The Chinese government increased export quotas for refined oil products in the first batch for 2023, signalling expectations of poor domestic demand.

Top oil exporter Saudi Arabia could cut prices for its flagship Arab Light crude grade to Asia in February, having been set at a 10-month low for this month, as concern about oversupply continued to cloud the market.

OPEC oil output rose in December, a Reuters survey found on Wednesday, despite an agreement by the wider OPEC+ alliance to cut production targets to support the market.

The Organization of the Petroleum Exporting Countries (OPEC)pumped 29 million barrels per day (bpd) last month, the survey found, up 120,000 bpd from November.

U.S. crude oil stockpiles are likely to have risen by 1.2 million barrels last week, with distillate inventories expected to have fallen, a revised Reuters poll showed. [EIA/S]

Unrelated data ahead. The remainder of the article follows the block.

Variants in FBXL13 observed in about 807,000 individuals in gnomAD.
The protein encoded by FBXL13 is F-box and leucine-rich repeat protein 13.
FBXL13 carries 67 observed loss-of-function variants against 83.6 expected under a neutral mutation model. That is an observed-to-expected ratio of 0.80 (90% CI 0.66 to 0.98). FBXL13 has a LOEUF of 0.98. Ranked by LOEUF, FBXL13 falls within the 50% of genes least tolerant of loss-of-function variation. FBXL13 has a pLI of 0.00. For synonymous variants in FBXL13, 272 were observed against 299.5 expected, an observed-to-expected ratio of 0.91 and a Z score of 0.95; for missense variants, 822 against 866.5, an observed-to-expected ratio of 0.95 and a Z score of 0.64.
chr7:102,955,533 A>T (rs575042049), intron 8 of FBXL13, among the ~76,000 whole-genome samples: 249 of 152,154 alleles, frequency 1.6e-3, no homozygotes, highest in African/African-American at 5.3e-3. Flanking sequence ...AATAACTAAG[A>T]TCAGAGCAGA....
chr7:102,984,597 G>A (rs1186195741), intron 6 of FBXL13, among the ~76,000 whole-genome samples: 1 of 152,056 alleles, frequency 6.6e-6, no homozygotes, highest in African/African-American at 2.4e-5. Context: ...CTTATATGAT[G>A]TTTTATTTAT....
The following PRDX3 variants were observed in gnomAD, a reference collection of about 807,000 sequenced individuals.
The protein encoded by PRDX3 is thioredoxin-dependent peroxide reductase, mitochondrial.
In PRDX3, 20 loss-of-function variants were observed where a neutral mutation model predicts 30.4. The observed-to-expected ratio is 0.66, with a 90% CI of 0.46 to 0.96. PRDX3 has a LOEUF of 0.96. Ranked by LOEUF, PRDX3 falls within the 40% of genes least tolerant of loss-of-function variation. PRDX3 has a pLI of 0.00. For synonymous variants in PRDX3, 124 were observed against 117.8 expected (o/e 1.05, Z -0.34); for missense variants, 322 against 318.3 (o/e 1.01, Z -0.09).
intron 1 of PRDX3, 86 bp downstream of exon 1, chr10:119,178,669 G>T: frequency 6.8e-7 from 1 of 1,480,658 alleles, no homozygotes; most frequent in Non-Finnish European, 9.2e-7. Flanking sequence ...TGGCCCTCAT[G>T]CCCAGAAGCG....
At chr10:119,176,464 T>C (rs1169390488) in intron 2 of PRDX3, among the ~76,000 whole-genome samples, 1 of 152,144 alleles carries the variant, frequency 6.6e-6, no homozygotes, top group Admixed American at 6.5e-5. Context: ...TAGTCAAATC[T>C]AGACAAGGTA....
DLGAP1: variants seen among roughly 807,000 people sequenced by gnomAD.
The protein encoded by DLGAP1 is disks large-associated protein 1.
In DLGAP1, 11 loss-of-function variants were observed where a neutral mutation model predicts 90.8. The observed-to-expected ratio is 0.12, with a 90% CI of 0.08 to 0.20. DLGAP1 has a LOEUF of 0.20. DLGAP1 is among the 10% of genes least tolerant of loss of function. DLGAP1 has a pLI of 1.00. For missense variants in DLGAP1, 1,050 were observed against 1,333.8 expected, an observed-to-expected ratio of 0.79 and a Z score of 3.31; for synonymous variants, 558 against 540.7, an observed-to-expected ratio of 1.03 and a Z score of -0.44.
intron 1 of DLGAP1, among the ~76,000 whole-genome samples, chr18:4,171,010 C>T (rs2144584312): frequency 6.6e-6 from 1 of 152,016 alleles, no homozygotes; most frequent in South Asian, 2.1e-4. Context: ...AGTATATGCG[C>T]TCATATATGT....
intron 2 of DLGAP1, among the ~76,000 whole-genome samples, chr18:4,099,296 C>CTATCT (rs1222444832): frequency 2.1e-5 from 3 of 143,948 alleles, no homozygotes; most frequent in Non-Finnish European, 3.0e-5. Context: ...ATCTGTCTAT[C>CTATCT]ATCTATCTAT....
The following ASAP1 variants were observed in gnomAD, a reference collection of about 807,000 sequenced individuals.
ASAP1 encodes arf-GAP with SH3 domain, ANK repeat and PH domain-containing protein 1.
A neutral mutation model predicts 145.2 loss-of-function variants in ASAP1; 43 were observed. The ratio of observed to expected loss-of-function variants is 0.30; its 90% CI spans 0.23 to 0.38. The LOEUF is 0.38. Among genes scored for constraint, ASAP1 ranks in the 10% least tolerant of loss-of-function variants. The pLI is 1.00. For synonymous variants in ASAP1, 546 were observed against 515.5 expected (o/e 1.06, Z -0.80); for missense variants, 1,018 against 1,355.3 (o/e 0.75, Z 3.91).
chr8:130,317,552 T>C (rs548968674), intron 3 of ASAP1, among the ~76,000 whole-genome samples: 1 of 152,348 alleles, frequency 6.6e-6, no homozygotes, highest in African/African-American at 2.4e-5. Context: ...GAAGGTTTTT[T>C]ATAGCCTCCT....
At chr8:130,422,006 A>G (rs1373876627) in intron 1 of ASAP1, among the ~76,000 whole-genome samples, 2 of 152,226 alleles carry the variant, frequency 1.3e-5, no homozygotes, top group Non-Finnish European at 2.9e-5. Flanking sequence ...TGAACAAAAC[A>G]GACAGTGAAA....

Industry group American Petroleum Institute is due to release data on U.S. crude inventories later on Wednesday. The Energy Information Administration will release its figures on Thursday morning.

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Economy

Canada's economy slowed down in November, but still eked out growth – CBC.ca

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Business

The Canadian economy grew by 0.1 per cent in November as higher interest rates began to slow spending toward the end of the year.

Service sector expanded even as goods producing industries contracted

Canada’s gross domestic product expanded by 0.1 per cent in November, Statistics Canada reported Tuesday. (Ben Nelms/CBC)

The Canadian economy grew by 0.1 per cent in November as higher interest rates began to slow spending toward the end of the year.